While Brexit uncertainties persist, UK equities rebounded strongly following a particularly weak start to the year. The tailwinds of sterling depreciation, higher energy prices, and a degree of reversion from being oversold in the previous quarter drove a 9.4% return for UK equities in local currency terms. Once translated into US dollar terms, however, this gain falls to just 3.0%.
  Re-emerging political risks intensify headwinds for European equities
Receding political uncertainty within the Eurozone during 2017 seems very distant now with a coalition between the MS5 and NL In Italy, and a new government in Spain following a no-confidence vote for former Prime Minister Rajoy. This, alongside economic data coming off slightly, led to Europe's relative underperformance; a quarterly return of 2.9% in euro terms. The financial sector, in particular, underperformed due to exposure of weak performing banks. Against a backdrop of slowing economic momentum, cyclical stocks also underperformed.
  Canada and Australia benefitted from the strong commodity upturn
Both Canadian and Australian equities benefitted from the increase in commodity prices over the quarter, returning 7.0% and 9.3% respectively in local currency terms.    
  Weak economic data provided strong headwinds to Japanese equities
Japanese equities were the weakest performers over the quarter, returning just 1.2% in local currency terms. Economic data largely disappointed with a worse than expected contraction in the economy over the first quarter of 2018; an annualized decrease of 0.6% in Japan's output. Measures of second quarter manufacturing and industrial production growth also showed signs of slowing.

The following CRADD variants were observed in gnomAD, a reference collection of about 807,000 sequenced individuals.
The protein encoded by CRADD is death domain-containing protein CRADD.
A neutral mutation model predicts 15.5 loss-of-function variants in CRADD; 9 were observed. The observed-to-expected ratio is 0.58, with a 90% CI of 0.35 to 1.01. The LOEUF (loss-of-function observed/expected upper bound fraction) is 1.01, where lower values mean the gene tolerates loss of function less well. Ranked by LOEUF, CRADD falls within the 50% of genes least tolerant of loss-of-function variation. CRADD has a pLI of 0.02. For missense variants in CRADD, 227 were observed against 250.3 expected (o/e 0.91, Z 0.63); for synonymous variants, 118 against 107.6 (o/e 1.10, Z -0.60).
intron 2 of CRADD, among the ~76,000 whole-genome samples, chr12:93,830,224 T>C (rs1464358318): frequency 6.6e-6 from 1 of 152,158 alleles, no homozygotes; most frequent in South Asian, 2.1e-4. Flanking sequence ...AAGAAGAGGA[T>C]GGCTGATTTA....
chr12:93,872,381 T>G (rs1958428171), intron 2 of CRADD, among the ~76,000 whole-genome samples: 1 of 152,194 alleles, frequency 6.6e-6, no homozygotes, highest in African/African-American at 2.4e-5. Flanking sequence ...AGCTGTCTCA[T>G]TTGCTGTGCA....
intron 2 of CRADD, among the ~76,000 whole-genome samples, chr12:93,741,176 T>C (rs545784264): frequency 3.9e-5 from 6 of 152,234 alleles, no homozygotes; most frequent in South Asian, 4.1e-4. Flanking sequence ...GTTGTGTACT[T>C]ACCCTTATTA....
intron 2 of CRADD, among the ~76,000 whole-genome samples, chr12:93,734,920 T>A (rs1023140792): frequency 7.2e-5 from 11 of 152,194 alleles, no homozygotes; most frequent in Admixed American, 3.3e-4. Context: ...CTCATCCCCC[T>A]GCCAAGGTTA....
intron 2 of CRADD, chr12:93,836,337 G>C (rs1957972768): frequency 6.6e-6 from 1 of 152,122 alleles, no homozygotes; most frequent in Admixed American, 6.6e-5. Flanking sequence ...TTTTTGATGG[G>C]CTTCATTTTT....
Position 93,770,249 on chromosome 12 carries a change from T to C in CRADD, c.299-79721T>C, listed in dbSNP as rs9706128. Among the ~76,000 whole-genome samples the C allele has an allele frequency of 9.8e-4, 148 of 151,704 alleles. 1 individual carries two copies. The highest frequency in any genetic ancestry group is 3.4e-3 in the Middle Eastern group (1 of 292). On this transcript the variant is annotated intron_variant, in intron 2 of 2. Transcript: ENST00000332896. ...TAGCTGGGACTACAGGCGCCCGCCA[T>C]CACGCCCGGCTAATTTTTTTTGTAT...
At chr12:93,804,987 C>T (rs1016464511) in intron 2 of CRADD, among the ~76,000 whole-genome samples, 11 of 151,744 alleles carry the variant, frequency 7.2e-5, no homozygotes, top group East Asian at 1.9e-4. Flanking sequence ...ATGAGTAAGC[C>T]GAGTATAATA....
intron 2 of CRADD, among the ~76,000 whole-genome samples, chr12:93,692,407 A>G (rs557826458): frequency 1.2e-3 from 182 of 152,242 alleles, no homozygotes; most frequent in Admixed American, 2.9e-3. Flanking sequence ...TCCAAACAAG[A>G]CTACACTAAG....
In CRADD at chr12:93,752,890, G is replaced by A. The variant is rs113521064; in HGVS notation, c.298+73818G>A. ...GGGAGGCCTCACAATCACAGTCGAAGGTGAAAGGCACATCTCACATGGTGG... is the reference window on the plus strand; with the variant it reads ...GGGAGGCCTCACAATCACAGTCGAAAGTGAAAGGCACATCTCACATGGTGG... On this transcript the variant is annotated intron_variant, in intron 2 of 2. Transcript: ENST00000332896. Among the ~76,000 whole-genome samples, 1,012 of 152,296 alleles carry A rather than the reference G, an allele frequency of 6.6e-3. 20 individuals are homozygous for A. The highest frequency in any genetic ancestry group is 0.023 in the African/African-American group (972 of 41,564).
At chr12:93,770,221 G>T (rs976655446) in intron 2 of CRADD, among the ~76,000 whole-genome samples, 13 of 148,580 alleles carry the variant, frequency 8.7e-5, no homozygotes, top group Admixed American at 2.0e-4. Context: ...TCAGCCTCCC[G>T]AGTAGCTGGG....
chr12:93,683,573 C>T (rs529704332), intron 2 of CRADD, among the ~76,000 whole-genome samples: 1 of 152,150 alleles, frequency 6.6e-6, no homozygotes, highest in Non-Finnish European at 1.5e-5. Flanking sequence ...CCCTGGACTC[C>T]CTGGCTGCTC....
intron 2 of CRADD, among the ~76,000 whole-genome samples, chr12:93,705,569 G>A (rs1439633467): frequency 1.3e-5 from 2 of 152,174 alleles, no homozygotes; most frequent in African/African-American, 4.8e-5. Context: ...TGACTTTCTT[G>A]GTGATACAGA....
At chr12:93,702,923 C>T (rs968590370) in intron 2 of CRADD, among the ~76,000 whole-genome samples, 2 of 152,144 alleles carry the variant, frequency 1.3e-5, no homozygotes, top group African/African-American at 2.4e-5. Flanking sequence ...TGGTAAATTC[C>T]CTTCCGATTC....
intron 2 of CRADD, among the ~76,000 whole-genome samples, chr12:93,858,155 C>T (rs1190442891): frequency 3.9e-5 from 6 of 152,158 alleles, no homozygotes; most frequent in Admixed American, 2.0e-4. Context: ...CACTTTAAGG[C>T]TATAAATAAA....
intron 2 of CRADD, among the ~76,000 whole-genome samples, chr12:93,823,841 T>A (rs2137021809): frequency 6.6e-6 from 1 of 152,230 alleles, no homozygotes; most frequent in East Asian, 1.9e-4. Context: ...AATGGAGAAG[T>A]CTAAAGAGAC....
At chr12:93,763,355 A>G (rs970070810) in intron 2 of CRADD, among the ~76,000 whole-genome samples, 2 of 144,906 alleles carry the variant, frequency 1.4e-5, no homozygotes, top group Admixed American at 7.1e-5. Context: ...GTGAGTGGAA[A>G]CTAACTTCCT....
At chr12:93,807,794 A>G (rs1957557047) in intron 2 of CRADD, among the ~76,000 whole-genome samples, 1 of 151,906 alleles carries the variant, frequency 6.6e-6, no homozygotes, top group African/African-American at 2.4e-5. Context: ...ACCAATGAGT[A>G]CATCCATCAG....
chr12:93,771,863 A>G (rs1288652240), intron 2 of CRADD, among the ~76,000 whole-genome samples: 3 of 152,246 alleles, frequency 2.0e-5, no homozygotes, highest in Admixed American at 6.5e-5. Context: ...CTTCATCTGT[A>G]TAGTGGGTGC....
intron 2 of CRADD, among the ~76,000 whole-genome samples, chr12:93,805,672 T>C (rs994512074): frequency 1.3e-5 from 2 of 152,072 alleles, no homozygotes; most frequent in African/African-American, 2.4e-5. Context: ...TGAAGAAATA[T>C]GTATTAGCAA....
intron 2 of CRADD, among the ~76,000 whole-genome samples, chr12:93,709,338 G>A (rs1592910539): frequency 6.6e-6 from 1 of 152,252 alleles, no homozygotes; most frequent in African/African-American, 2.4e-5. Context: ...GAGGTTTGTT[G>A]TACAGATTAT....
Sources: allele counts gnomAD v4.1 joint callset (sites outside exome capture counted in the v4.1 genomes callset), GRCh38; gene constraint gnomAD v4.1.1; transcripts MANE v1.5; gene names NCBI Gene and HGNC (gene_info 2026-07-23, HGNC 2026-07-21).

Emerging market equities hit hardest by increased protectionism
Emerging market equities were hardest hit by the trade turmoil as they returned -3.4% in local currency terms. The strength of the US dollar compounded the issue, with unhedged US investors returning -7.9% from EM equities. EM countries more exposed to tightening liquidity came under pressure with the Turkish central bank forced into an emergency rate hike to stem currency weakness. 
 
Government Bonds and Yields Yield curves continue to flatten with persisting negative term premiums
US term premiums continued to move in a downward direction over the quarter and the slope of the US yield curve is the flattest it's been since the Global Financial Crisis (measured by the difference between the 10 and 2 year US treasury yield). The 10-year US treasury yield rose by 11bps to 2.85% while the policy-sensitive 2-year treasury yield increased by 26bps to 2.5%. While there may well be factors at play which will continue to exert downward pressure on yields, namely institutional demand for government bonds and higher risk aversion, we believe lower central bank purchases against a backdrop of larger fiscal deficits will lead to a greater net supply of government bonds and drive US term premiums higher.
From a medium-term perspective, US yields no longer look significantly out of line with what might be deemed 'fair value'. Near-term, yields could easily overshoot our targets, keeping us still wanting to be somewhat short on duration for the time being, but we are approaching a more neutral stance.